Food and Nutrition Sciences
Vol. 3  No. 2 (2012) , Article ID: 17518 , 5 pages DOI:10.4236/fns.2012.32030

Effect of Lactic Acid Bacteria and Yeast Starter Cultures on the Soaking Time and Quality of “Ofada” Rice

Oluwafunmilayo Adeniran1, Olusegun Atanda1,2*, Mojisola Edema3, Olusola Oyewole1

1Department of Food Science and Technology, Federal University of Agriculture, Abeokuta, Nigeria; 2Department of Foodservice & Tourism, Federal University of Agriculture, Abeokuta, Nigeria; 3Department of Food Science and Technology, Federal University of Technology, Akure, Nigeria.

Email: *

Received May 25th, 2011; revised December 15th, 2011; accepted December 22nd, 2011

Keywords: “Ofada” Rice; Starter Cultures; Soak-Water; Fermentation Time; Quality


Freshly harvested paddy rice was randomly obtained from three different farms in “Ofada” town, Ogun State, Nigeria and processed according to the traditional parboiling method. The rice was inoculated singly with cultures of Lactobacillus amylophilus, Leuconostoc mesenteroides, Saccharomyces uvarum and Saccharomyces cerevisiae which were isolated from the soak-water. In order to assess the effect of starter cultures on the soaking time of the rice, the pH and titratable acidity were determined at 12 h interval. The chemical composition and the sensory quality of the rice were also determined at the end of the soaking period while uninoculated rice served as control. The chemical composition of the rice as well as the pH and TTA of the soak-water were significantly (p < 0.05) different from the control while the processing time was shortened to 48 h. The rice inoculated with Saccharomyces uvarum and Saccharomyces cerevisae had the highest protein content and best sensory attributes.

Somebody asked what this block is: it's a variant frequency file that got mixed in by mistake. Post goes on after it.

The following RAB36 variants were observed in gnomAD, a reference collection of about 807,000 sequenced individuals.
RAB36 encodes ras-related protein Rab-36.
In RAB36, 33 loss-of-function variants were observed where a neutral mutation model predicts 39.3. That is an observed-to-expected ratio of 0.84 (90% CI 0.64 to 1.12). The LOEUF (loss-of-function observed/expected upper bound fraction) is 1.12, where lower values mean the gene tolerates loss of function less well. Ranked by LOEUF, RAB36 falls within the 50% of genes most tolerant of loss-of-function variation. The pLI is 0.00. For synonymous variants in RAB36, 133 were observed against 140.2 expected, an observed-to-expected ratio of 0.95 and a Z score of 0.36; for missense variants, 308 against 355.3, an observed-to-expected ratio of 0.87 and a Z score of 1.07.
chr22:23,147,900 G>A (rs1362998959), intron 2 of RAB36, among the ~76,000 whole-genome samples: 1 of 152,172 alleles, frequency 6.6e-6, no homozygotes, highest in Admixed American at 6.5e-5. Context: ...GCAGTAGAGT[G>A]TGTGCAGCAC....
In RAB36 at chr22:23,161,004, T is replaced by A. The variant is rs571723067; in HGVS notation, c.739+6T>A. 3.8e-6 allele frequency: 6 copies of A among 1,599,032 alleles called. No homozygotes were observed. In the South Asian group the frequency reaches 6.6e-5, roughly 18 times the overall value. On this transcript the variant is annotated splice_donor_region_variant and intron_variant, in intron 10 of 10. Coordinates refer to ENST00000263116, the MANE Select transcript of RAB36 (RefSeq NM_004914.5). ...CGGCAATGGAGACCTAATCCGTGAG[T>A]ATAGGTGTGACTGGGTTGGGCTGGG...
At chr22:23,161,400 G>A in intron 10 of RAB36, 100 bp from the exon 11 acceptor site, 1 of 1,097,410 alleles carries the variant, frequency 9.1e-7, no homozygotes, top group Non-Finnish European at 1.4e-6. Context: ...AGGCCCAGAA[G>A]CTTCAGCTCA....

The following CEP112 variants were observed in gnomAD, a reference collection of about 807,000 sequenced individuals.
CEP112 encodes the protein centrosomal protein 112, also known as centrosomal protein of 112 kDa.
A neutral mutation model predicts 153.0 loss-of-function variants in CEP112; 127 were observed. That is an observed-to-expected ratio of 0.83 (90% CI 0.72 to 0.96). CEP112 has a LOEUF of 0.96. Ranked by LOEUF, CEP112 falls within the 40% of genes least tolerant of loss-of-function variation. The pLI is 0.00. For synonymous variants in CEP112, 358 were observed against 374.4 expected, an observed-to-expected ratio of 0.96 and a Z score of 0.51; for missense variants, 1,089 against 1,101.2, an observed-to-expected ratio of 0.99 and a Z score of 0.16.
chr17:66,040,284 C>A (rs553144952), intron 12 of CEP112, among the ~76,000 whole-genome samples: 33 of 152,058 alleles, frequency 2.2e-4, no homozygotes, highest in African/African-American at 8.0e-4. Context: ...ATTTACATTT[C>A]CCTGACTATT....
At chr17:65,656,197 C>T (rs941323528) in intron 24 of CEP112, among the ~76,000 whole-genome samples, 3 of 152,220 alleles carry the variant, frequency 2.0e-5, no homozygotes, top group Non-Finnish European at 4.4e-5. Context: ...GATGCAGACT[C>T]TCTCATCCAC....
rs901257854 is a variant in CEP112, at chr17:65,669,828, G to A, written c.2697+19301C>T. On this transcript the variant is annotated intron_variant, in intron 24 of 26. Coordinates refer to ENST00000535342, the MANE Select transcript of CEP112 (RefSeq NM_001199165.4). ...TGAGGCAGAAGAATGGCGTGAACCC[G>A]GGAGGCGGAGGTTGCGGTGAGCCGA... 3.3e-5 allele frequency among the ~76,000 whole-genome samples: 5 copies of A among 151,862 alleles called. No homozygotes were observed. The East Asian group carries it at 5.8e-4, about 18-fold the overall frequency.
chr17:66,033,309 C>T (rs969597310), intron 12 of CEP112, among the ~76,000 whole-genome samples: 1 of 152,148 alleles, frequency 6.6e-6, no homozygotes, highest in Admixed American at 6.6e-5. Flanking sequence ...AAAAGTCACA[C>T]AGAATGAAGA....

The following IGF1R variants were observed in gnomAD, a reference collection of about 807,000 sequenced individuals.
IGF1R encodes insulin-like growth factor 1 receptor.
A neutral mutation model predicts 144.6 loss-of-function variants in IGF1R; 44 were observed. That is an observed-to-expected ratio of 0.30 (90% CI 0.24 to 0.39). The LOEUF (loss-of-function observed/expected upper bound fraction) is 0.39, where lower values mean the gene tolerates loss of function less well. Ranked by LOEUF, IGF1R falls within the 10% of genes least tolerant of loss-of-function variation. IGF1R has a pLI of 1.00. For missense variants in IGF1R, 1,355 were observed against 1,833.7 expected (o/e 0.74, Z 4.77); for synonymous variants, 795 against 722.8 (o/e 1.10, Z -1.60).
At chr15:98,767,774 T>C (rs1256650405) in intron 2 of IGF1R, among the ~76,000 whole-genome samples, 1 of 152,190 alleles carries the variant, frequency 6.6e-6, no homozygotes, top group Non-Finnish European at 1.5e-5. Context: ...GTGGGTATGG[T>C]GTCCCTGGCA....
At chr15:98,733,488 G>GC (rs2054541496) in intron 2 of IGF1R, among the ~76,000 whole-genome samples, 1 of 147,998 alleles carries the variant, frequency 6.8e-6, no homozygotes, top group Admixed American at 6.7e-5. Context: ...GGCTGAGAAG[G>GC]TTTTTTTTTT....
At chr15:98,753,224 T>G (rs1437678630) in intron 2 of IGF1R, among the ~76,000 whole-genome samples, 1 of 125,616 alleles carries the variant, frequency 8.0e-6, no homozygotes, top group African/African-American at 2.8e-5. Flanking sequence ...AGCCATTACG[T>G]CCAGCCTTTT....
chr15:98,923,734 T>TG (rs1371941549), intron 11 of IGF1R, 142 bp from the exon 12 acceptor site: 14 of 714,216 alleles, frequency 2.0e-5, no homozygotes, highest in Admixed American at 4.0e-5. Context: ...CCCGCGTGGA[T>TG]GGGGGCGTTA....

1. Introduction

Rice is one of the most important cereals of the world. It is widely consumed and cultivated in most countries. It is the staple food for over three billion people, constituting over half of the world’s population [1,2]. There are two important varieties namely, Oryza sativa (Asian rice) and Oryza glaberrima (African rice). “Ofada” rice, a peculiar Oryza sativa species [3] was first grown in Ofada town, Ogun-State, South Western Nigeria and has since become very popular in the Western part of the country. It plays very important role in the diet of many Nigerians and is utilised mostly in households where it is consumed in many forms such as boiled, jollof, fried or “tuwo shinkafi” ( local rice paste). Industrially, it is important in the production of local beverages such as “kunu”, “pito” and cereal gruels. “Ofada” rice is processed traditionally by parboiling method that involves three stages of moisture treatment (soaking, steaming and drying). This rice is specially relished because of its characteristics flavour that develops during soaking as a result of the fermentative activities of some microorganisms. In addition, Otegbayo [4] reported that soaking contributes mainly to organoleptic, physical and nutritional changes in rice.